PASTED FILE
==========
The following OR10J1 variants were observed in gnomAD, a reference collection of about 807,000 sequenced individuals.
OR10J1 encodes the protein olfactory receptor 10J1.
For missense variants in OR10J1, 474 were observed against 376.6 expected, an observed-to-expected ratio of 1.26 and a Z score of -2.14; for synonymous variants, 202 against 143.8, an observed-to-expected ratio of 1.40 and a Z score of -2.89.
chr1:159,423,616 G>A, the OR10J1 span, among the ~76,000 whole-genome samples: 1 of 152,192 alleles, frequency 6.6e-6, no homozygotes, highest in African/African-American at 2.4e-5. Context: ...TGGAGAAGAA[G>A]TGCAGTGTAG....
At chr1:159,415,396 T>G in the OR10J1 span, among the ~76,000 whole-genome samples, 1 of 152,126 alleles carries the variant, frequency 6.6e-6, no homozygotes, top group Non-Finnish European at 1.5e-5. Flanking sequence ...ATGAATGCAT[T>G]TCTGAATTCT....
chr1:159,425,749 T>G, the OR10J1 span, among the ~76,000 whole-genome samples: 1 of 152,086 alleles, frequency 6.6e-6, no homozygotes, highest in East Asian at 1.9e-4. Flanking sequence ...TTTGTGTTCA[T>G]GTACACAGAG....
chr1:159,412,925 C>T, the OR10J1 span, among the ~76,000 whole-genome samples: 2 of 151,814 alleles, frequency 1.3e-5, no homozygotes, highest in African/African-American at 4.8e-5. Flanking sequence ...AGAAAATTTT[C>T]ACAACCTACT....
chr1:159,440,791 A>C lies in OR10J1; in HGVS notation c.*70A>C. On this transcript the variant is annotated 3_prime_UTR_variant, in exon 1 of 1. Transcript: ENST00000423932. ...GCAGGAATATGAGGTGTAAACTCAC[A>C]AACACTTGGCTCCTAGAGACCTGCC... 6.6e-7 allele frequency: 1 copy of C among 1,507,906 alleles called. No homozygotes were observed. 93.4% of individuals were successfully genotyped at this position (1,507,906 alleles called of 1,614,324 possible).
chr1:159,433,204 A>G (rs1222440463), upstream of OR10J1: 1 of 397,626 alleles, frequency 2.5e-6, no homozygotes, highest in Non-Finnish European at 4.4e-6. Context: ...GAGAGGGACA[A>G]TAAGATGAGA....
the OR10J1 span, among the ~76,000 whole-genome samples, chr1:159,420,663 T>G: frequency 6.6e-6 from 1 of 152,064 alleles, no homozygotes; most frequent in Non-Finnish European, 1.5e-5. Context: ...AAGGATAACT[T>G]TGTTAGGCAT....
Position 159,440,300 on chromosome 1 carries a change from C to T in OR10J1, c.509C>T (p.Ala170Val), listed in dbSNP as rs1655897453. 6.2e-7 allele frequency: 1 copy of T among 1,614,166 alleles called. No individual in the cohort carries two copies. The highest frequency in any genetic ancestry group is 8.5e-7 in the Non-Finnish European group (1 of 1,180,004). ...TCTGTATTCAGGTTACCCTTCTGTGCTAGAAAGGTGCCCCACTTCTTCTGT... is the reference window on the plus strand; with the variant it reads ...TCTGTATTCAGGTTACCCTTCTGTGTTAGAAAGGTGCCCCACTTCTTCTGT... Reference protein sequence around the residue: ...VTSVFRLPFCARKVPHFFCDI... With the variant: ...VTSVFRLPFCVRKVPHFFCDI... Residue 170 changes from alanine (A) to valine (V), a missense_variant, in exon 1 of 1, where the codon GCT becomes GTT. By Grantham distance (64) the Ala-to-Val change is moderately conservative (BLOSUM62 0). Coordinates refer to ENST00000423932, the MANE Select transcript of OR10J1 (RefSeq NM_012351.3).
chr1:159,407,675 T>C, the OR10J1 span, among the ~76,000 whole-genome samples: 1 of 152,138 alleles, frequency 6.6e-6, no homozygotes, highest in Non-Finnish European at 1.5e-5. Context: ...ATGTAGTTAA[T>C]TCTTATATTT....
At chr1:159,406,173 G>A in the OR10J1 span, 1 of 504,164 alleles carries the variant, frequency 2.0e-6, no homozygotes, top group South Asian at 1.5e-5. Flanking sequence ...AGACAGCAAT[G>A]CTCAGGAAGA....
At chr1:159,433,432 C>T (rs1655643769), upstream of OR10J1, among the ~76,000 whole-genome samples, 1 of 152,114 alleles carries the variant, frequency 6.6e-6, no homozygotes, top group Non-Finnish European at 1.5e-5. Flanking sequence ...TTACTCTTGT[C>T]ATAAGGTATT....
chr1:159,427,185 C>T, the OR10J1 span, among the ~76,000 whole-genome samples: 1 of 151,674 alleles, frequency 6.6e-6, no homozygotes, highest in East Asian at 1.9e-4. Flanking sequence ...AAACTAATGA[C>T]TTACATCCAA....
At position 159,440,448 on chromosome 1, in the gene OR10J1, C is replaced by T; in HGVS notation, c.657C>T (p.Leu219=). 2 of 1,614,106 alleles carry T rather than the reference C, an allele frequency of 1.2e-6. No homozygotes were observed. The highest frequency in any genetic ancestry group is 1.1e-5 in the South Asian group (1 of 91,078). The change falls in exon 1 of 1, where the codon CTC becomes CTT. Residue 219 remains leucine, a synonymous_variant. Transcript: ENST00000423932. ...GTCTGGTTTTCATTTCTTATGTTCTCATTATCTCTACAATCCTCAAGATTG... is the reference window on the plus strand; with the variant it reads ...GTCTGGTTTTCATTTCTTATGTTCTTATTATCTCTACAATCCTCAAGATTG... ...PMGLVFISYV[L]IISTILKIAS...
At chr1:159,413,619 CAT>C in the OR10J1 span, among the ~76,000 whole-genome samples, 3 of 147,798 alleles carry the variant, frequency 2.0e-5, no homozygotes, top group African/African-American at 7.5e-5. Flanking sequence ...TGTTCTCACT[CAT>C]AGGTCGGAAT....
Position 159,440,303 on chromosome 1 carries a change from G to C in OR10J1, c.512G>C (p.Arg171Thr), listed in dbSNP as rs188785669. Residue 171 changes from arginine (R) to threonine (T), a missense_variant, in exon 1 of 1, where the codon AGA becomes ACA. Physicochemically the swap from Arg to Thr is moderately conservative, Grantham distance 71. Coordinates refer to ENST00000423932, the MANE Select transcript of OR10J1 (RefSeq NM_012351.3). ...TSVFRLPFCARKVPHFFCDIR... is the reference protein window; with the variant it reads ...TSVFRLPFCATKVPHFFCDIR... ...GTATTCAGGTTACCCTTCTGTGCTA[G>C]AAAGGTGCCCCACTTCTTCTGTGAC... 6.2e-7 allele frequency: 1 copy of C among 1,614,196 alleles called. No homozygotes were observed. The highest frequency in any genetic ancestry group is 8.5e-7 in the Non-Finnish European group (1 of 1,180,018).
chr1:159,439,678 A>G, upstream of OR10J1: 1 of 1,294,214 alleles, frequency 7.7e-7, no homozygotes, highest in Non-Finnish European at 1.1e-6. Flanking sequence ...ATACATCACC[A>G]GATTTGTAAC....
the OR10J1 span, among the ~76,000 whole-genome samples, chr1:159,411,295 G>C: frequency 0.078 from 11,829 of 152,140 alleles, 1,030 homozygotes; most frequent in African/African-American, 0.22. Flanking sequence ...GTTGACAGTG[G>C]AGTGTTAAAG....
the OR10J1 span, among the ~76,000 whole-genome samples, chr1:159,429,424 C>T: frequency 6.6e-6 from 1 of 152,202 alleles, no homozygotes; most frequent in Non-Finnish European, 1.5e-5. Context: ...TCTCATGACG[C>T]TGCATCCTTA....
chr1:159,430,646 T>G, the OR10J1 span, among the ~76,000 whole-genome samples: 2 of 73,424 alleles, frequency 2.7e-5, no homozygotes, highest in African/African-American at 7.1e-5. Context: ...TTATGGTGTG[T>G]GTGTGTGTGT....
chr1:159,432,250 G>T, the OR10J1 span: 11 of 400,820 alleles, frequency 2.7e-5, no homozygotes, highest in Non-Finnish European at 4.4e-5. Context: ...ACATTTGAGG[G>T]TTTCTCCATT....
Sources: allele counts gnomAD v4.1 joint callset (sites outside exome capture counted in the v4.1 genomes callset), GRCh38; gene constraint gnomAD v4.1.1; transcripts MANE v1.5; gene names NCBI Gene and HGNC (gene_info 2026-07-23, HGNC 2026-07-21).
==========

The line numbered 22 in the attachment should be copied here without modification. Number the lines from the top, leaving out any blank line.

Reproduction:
chr1:159,430,646 T>G, the OR10J1 span, among the ~76,000 whole-genome samples: 2 of 73,424 alleles, frequency 2.7e-5, no homozygotes, highest in African/African-American at 7.1e-5. Context: ...TTATGGTGTG[T>G]GTGTGTGTGT....